New Budget Threat: State Workers Could Lose Jobs

Without budget state may stop funding for new roads and bridges

California Gov. Arnold Schwarzenegger has begun openly talking about laying off state workers, in what many see as the newest threat to a state that has already been ravaged by recession longer than the country has as a whole.

Meanwhile, State Treasurer Bill Lockyer has warned that unless lawmakers quickly approve a budget deal, the state will stop financing construction projects for roads and bridges.

Lockyer was scheduled to join State Controller John Chiang to address a rare joint session of the legislature on Monday to deliver the bad news that California is falling deeper in debt and likely to run out of money by February.

The state is currently facing an $11 billion budget shortfall.
The Golden State, the world's fifth or sixth largest economy, may have to pay vendors with IOUs for only the second time since the Great Depression, according to State Finance Director Mike Genest.

The last time that occurred was when Pete Wilson was governor.

Meanwhile, Controller John Chiang said the state's cash account will decline to $882 million by February, below its preferred cushion of $2.5 billion.

The state's cash account is expected to be negative $1.9 billion by March., Chiang said.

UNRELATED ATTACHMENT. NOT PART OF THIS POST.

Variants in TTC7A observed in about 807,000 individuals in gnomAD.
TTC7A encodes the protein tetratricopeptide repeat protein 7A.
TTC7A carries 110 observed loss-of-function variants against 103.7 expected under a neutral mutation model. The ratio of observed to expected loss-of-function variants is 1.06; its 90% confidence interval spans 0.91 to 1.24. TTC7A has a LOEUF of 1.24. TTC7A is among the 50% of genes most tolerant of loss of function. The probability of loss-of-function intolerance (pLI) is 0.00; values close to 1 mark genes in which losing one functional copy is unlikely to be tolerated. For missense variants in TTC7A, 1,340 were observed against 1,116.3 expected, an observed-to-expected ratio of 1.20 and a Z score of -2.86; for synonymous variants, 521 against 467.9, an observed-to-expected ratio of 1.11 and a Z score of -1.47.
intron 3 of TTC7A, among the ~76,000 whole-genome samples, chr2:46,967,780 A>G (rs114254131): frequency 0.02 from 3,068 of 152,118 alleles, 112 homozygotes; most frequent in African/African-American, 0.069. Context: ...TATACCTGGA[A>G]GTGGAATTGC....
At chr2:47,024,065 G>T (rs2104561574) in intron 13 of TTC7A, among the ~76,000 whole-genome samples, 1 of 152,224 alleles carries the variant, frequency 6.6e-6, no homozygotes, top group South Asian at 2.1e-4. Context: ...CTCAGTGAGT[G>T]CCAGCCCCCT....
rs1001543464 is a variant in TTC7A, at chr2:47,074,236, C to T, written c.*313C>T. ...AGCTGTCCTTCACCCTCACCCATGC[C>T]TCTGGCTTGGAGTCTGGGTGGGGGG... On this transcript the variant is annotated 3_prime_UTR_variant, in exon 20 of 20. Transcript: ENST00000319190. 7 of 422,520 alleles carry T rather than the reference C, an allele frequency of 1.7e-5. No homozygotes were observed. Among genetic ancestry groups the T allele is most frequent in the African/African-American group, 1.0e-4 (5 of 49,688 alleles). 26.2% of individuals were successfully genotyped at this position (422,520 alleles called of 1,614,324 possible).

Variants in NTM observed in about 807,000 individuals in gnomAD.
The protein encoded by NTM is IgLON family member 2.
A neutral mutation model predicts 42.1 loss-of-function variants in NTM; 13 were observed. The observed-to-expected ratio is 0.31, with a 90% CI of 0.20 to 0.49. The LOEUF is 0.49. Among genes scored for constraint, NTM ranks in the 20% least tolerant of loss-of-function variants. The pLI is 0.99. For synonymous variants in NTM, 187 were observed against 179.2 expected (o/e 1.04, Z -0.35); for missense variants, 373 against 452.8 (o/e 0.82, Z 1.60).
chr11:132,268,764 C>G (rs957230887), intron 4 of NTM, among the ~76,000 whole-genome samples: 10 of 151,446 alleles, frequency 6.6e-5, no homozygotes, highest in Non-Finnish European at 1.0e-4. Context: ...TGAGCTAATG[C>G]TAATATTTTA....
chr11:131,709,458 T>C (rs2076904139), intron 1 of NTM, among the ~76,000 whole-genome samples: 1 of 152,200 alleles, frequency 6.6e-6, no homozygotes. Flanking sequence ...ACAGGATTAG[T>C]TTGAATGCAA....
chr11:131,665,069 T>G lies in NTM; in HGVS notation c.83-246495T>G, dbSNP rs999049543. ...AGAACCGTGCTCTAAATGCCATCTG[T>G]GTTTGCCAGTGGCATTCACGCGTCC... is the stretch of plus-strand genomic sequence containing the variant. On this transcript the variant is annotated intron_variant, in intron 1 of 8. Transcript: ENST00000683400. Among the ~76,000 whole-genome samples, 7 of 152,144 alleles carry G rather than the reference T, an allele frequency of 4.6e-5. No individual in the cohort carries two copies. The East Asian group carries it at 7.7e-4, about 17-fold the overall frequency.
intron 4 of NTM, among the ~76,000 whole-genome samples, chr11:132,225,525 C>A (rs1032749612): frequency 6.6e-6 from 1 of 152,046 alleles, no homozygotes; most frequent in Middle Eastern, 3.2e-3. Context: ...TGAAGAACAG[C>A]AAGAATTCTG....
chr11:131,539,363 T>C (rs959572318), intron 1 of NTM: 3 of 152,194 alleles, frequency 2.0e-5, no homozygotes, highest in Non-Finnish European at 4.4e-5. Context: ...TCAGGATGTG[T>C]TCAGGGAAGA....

Despite the rough economy, gasoline prices have become on of the bright spots in the economy for consumers.

However, the prices are actually not good for state or county governments.

That is because California has about a 7 percent sales tax, built into the price of gas. So when gas prices fall, the state collects less money.

Schwarzenegger has, in recent weeks, said he is willing to undertake unpopular measures in order to help the budget situation.

He has said he would consider legislative proposals such as raising the car tax, or sales tax.

Republicans in the State Legislature have balked at the ideas.

Schwarzenegger has said he would be willing to make painful cuts in education and health care. Democrats have scoffed at those.

After the November election, there are three additional Democrats in the Assembly. However, even with a commanding lead in both houses, Democrats do not have a two-thirds majority they would need in order to pass a budget.

Assembly Speaker Karen Bass has said she hopes to pass a measure that would allow a budget to be passed even with only a regular majority of greater than 50 percent.

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